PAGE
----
Nixoncarver

Mark Maxwell, Author
Mark Maxwell, Author St. Martin's Press $19.95 (178p) ISBN 978-0-312-18146-8
Reviewed on: 12/29/1997
Release date: 01/01/1998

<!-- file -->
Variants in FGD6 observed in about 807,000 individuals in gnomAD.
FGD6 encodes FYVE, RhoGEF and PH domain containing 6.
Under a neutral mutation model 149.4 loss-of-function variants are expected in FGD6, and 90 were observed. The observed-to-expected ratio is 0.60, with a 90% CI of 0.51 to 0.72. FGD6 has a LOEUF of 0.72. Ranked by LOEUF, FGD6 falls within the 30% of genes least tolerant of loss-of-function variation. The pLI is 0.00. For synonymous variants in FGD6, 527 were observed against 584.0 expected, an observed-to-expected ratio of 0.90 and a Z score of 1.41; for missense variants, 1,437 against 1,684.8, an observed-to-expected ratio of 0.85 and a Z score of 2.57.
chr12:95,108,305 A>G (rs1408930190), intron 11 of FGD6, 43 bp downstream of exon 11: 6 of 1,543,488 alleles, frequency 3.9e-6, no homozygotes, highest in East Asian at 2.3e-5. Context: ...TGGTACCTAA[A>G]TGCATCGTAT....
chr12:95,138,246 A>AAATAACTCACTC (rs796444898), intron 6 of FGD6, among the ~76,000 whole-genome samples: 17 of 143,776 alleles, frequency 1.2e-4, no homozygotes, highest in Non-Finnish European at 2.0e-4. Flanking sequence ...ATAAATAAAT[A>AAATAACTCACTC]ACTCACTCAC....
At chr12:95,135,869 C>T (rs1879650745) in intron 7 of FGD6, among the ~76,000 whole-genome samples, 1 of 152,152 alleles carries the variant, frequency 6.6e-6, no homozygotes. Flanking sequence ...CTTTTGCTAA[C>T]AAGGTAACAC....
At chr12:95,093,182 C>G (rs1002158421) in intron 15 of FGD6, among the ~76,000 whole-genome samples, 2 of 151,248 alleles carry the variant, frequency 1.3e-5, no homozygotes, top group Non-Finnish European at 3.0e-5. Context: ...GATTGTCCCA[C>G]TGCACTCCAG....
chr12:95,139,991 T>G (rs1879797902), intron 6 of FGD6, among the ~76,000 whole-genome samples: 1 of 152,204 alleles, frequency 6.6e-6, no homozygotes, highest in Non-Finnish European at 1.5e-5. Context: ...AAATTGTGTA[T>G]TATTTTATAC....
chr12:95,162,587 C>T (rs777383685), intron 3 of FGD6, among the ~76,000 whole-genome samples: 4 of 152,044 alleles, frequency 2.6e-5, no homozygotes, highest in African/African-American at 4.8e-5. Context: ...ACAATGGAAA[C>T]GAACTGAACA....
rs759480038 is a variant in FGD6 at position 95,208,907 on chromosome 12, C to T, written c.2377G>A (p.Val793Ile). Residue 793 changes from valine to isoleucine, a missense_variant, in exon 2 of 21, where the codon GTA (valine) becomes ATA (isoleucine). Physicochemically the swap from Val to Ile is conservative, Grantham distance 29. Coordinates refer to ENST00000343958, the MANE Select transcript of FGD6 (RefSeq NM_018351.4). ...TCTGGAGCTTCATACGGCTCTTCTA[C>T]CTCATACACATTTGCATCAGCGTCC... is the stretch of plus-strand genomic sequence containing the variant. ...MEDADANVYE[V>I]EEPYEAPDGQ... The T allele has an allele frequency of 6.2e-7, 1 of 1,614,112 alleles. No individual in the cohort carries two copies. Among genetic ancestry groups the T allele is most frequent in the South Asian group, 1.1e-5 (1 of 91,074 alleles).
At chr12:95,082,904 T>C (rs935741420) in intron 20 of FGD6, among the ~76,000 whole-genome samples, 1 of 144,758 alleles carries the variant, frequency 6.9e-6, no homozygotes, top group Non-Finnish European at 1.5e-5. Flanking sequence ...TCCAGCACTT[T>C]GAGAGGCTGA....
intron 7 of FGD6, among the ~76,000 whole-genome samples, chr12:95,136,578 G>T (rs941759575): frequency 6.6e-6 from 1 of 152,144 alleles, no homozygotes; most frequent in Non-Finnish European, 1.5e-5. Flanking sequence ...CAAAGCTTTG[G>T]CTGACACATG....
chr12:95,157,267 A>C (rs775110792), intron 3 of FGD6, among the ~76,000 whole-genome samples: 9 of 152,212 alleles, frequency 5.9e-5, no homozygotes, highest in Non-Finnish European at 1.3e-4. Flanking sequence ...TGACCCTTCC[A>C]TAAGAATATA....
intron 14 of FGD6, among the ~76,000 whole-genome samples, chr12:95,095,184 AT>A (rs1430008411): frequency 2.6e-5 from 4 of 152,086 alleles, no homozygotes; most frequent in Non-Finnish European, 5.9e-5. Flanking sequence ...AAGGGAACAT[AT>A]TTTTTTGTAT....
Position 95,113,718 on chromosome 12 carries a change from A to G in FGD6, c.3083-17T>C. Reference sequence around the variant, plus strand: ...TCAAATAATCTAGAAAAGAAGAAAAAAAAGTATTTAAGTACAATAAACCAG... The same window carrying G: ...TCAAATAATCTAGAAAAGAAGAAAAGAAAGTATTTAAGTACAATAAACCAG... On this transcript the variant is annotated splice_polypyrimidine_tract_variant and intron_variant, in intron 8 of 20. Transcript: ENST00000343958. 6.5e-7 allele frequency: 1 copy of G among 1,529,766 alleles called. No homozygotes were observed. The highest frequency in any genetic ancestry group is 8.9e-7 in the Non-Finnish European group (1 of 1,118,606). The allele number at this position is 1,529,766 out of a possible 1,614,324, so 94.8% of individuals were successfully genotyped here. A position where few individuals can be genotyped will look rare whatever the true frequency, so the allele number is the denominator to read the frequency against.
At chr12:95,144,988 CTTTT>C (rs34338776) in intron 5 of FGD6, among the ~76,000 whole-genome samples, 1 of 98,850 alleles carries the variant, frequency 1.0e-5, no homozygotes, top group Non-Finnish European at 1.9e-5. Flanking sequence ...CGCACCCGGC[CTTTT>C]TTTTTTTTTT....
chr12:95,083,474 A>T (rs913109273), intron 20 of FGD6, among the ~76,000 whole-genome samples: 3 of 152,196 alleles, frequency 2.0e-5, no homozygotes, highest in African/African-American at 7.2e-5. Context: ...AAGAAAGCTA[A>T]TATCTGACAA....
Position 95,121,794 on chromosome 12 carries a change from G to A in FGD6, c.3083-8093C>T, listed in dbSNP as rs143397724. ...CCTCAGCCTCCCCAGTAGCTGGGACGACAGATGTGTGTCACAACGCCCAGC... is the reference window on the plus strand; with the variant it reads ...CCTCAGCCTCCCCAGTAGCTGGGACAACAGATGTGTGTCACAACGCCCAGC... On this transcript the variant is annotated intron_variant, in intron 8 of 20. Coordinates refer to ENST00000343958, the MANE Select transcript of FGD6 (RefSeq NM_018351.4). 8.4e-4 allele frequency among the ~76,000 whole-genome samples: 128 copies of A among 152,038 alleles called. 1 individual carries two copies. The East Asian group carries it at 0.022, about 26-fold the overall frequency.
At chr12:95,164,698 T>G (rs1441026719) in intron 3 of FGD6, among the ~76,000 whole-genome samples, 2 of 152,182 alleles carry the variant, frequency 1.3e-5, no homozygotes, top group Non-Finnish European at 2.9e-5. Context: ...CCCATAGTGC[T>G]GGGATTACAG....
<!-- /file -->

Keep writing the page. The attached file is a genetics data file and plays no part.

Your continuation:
If a supposed friendship between a disgraced Richard Nixon and the hard-drinking, working-class poet and short-story writer Raymond Carver strikes you as a little too unlikely, Maxwell's funny but rather formless first novel is unlikely to convince you otherwise. Indeed, he hardly seems to try: the scenes in which Nixon, Carver and the novel's narrator swap lockerroom stories and bathroom jokes are pure exercises in whimsy. Yet for all Maxwell's self-effacing flippancy, his portraits of the writer and politician as young men are vividly imagined, often surprisingly poignant. His sense of young Nixon's sexual and familial turmoil--and Carver's grinding poverty as a child and young man--are especially convincing. Neither subject is new, of course; in an author's note, Maxwell writes that he means ""to simultaneously perpetuate and change"" the myths of these men's lives. In his hands, both become myths of American fatherhood, a thinking man's Darth Vader and Obi-Wan. (After one of Nixon's tales of childhood abuse, Carver mutters ""Fathers."" As Maxwell writes, ""that pretty much says it all."") Even while it flirts with silliness, the friendship between tricky Dick and minimalism's trickiest, most laconic impresario has disarming resonance and charm. (Feb.)
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